Case Law

Driving related decisions by the courts.

CASE LAW - R v Podger

BC Courts Coat of ArmsThis is still another example of a Charter argument for unreasonable delay with regard to a dispute hearing for a traffic ticket. In this case, the delay amounted to 13 months and 3 weeks and Mr. Podger was successful in showing that the delay caused a prejudice to his ability to conduct his defence. A judicial stay of proceedings was entered on the charge.

Link:

CASE LAW - R v Pearson

BC Courts Coat of ArmsThis is another case of a Charter argument over delay in proceeding to trial. The speeding ticket dispute took 17 1/2 months from offence to trial date and Mr. Pearson testified that this was too long, causing him serious prejudice. Rather than letting the judge infer the prejudice from the time period alone, Mr.

CASE LAW - Gencoglu v. Borg

BC Courts Coat of ArmsIn this civil case the driver sued a cyclist for damages caused when the cyclist collided with his parked vehicle. The driver's reasoning was that his door had been open for some time and that the cyclist should have seen and avoided colliding with it. The judge did not agree.

CASE LAW - R v Thompsett

BC Courts Coat of ArmsThis case discusses care and control of a motor vehicle while impaired. The woman, seat belted in the driver's position, was the only occupant of an idling vehicle parked at the curb. Investigation by ambulance paramedics and police revealed that the woman did not have a medical problem and was impaired by alcohol.

CASE LAW - R v Wlodarczak

BC Courts Coat of ArmsDo the police ever charge a fellow officer with a traffic offence? I suspect that members of the public more often than not would respond "no" to that assertion and would be skeptical of protests to the contrary. In R v Wlodarczak, we see that this happens, even when the accused is driving an unmarked police vehicle at the time of the offence.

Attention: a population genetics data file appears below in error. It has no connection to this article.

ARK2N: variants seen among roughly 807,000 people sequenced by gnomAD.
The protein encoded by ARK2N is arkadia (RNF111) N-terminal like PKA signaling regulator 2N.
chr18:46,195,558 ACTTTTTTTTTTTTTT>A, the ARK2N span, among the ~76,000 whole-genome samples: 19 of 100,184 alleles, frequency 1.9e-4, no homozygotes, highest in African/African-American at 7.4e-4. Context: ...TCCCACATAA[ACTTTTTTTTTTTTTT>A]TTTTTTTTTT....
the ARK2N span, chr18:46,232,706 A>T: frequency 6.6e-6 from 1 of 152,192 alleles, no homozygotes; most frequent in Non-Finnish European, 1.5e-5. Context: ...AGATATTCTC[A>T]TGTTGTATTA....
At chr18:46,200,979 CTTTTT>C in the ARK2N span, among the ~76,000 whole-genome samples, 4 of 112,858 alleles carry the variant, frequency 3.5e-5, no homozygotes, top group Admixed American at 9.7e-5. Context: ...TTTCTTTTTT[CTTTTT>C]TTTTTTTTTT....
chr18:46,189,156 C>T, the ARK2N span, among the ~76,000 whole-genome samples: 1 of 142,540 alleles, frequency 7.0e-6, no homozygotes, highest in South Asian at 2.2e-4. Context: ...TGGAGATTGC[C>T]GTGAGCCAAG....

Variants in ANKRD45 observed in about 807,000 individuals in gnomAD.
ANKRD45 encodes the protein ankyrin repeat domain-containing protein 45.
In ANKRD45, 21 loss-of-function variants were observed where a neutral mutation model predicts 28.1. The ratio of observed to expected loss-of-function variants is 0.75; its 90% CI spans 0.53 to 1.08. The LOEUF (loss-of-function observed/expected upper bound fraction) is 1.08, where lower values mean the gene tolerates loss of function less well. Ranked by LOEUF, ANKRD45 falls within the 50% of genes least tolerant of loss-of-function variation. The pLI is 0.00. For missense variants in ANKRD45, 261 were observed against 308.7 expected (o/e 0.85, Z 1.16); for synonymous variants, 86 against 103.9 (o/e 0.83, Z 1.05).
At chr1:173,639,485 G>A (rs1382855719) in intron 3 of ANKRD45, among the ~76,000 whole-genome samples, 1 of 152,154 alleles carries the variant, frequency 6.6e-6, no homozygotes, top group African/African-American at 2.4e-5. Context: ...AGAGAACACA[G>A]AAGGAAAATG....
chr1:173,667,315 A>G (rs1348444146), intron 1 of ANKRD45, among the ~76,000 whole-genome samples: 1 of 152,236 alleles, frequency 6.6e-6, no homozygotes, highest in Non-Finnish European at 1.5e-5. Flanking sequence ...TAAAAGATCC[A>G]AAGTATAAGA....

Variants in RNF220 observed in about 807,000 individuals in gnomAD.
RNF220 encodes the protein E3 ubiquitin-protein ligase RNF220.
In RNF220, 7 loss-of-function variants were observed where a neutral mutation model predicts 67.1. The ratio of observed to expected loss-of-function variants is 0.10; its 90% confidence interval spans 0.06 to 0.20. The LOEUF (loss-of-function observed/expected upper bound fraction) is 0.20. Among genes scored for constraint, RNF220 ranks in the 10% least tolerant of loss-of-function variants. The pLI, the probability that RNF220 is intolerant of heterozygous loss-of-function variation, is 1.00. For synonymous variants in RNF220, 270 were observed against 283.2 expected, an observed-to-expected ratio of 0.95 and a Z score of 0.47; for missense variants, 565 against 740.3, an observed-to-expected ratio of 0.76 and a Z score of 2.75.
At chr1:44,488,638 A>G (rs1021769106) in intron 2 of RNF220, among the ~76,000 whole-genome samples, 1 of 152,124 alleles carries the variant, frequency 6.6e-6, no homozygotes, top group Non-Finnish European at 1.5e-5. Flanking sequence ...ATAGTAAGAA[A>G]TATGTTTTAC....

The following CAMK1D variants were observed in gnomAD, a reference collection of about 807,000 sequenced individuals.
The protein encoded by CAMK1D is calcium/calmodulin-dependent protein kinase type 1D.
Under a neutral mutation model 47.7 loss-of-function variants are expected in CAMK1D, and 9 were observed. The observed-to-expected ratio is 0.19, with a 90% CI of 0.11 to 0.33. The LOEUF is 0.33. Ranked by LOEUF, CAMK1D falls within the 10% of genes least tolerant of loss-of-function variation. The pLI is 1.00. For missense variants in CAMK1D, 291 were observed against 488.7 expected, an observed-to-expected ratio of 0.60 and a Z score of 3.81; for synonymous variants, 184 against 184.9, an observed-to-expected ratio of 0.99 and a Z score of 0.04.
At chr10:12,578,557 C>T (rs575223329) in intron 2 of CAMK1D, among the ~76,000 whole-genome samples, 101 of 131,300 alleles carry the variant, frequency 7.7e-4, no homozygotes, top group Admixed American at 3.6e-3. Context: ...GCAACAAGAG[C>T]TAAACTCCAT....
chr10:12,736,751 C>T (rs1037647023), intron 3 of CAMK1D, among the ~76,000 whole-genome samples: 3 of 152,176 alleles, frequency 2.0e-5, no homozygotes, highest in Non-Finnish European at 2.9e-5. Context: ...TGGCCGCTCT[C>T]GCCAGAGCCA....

CASE LAW - R v Goldade

BC Courts Coat of Arms0">This is an examination of the application of Driving Without Due Care and Attention under section 144(1)(a) of the Motor Vehicle Act. In this instance the driver of a van pulled across the path of an oncoming motorcycle because the driver, Goldade, felt that he had sufficient time to clear the motorcycle's lane before it arrived. The misjudgment precipitated a collision in which the driver of the motorcycle died.

CASE LAW - R v Drummond

BC Courts Coat of Arms0">This recent provincial court decision examines a Charter of Rights argument that a delay of 17 months from the offence date to the trial date for a traffic violation ticket is unreasonable. The accused was successful in having the charges dismissed.

CASE LAW - Bhullar v ICBC

BC Courts Coat of ArmsA car owner is not successful in a claim against ICBC for a total loss of their vehicle. The court finds that the owner made misrepresentation to the corporation about who actually owned and was the principal operator of the vehicle and was then involved in the theft and burning of it.

CASE LAW - R v Chisholm

BC Courts Coat of Arms0">This is a tragic case where a rear end collision resulted in the death of a taxi driver and severe burns to his passenger when the taxi caught fire post collision. The events that led up to the taxi being rear ended are no doubt common in every day traffic here in British Columbia, but in this case did not end in a near miss.

CASE LAW - R v Dahlquist

BC Courts Coat of ArmsThe accused was stopped at a roadblock about midnight by police checking for driving infractions. An officer immediately noted that his eyes were bloodshot and watery and he had a mild to moderate odour of liquor on his breath. She read the accused the approved screening device demand and he blew a “Warn”, which indicated his blood alcohol level was between 50mg% and 100mg%.

Syndicate content

Google Ads